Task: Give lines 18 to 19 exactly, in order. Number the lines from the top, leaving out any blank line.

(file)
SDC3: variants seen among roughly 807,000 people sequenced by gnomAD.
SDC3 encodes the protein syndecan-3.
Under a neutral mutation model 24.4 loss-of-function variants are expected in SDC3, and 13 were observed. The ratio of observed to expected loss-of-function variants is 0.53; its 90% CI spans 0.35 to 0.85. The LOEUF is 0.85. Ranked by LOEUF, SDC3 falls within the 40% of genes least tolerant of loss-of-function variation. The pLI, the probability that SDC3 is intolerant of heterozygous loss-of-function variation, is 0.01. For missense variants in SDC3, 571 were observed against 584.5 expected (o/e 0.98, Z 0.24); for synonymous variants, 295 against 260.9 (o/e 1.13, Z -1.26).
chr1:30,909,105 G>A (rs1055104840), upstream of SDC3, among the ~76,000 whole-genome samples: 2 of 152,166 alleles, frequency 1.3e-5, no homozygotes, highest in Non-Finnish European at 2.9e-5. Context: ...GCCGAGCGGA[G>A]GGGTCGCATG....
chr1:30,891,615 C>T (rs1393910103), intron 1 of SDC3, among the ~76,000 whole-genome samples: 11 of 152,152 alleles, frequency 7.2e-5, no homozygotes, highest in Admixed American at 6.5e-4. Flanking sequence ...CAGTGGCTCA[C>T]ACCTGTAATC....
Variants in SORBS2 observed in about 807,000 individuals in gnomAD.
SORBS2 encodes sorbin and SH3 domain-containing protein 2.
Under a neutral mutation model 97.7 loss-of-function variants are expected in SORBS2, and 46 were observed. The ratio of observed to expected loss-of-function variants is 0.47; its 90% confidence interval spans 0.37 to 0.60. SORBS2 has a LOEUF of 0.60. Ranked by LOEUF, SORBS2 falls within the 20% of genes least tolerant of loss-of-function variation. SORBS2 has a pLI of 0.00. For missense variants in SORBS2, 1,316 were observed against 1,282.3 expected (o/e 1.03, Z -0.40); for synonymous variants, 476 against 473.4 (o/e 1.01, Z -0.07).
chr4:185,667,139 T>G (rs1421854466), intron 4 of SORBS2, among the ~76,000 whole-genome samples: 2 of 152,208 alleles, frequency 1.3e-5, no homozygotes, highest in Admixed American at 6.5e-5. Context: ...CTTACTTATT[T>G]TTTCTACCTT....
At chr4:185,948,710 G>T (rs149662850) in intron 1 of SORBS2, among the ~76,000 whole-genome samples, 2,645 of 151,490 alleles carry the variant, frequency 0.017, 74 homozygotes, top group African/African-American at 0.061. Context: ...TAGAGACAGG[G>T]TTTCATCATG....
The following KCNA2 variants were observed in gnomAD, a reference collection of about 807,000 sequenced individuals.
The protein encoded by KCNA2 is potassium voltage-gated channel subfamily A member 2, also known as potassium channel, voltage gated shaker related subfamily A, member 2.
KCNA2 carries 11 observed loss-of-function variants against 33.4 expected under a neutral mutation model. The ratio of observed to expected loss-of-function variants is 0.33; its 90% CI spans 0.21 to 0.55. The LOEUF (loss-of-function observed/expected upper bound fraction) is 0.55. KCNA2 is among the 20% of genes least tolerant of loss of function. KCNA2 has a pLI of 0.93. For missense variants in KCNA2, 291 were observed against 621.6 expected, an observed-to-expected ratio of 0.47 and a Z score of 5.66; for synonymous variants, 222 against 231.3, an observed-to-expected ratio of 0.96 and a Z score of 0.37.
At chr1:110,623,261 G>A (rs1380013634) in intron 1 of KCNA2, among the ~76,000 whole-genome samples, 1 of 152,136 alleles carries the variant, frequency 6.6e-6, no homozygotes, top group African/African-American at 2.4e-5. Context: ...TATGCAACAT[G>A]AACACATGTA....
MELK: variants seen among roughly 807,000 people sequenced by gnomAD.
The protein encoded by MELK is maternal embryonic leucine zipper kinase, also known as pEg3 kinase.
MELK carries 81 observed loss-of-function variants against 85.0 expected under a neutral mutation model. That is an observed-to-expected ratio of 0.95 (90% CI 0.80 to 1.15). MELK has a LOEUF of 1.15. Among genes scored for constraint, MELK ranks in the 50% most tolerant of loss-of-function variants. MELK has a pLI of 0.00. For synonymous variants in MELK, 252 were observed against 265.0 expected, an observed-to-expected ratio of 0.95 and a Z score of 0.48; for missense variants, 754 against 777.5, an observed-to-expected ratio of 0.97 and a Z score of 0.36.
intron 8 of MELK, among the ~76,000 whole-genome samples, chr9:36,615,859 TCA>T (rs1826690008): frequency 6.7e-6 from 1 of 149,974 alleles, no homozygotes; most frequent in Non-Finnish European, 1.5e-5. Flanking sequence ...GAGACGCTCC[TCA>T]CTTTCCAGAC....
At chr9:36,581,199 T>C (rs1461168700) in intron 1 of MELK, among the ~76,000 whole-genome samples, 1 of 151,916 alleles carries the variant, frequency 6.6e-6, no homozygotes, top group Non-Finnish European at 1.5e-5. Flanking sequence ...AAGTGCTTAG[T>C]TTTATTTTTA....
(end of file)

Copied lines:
intron 8 of MELK, among the ~76,000 whole-genome samples, chr9:36,615,859 TCA>T (rs1826690008): frequency 6.7e-6 from 1 of 149,974 alleles, no homozygotes; most frequent in Non-Finnish European, 1.5e-5. Flanking sequence ...GAGACGCTCC[TCA>T]CTTTCCAGAC....
At chr9:36,581,199 T>C (rs1461168700) in intron 1 of MELK, among the ~76,000 whole-genome samples, 1 of 151,916 alleles carries the variant, frequency 6.6e-6, no homozygotes, top group Non-Finnish European at 1.5e-5. Flanking sequence ...AAGTGCTTAG[T>C]TTTATTTTTA....